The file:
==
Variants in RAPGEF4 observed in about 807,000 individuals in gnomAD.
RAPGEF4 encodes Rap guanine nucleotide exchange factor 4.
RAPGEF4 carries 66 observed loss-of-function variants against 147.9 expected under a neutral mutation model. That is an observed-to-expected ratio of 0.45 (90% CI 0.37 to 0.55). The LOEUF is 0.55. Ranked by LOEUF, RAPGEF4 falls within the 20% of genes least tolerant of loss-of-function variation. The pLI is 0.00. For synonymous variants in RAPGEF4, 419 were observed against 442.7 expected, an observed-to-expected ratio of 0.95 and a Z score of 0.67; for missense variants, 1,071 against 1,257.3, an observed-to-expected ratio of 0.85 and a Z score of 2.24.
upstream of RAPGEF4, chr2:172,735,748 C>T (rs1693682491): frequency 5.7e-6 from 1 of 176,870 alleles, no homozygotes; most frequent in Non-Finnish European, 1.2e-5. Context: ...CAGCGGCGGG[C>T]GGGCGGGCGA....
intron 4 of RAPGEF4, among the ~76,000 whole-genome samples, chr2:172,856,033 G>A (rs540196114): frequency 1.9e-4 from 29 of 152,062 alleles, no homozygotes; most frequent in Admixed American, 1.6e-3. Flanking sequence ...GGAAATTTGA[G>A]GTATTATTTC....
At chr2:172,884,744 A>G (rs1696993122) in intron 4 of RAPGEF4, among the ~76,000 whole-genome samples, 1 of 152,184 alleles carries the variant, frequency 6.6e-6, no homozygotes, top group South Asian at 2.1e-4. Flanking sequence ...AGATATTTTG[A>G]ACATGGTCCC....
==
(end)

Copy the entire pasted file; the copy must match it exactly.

Variants in RAPGEF4 observed in about 807,000 individuals in gnomAD.
RAPGEF4 encodes Rap guanine nucleotide exchange factor 4.
RAPGEF4 carries 66 observed loss-of-function variants against 147.9 expected under a neutral mutation model. That is an observed-to-expected ratio of 0.45 (90% CI 0.37 to 0.55). The LOEUF is 0.55. Ranked by LOEUF, RAPGEF4 falls within the 20% of genes least tolerant of loss-of-function variation. The pLI is 0.00. For synonymous variants in RAPGEF4, 419 were observed against 442.7 expected, an observed-to-expected ratio of 0.95 and a Z score of 0.67; for missense variants, 1,071 against 1,257.3, an observed-to-expected ratio of 0.85 and a Z score of 2.24.
upstream of RAPGEF4, chr2:172,735,748 C>T (rs1693682491): frequency 5.7e-6 from 1 of 176,870 alleles, no homozygotes; most frequent in Non-Finnish European, 1.2e-5. Context: ...CAGCGGCGGG[C>T]GGGCGGGCGA....
intron 4 of RAPGEF4, among the ~76,000 whole-genome samples, chr2:172,856,033 G>A (rs540196114): frequency 1.9e-4 from 29 of 152,062 alleles, no homozygotes; most frequent in Admixed American, 1.6e-3. Flanking sequence ...GGAAATTTGA[G>A]GTATTATTTC....
At chr2:172,884,744 A>G (rs1696993122) in intron 4 of RAPGEF4, among the ~76,000 whole-genome samples, 1 of 152,184 alleles carries the variant, frequency 6.6e-6, no homozygotes, top group South Asian at 2.1e-4. Flanking sequence ...AGATATTTTG[A>G]ACATGGTCCC....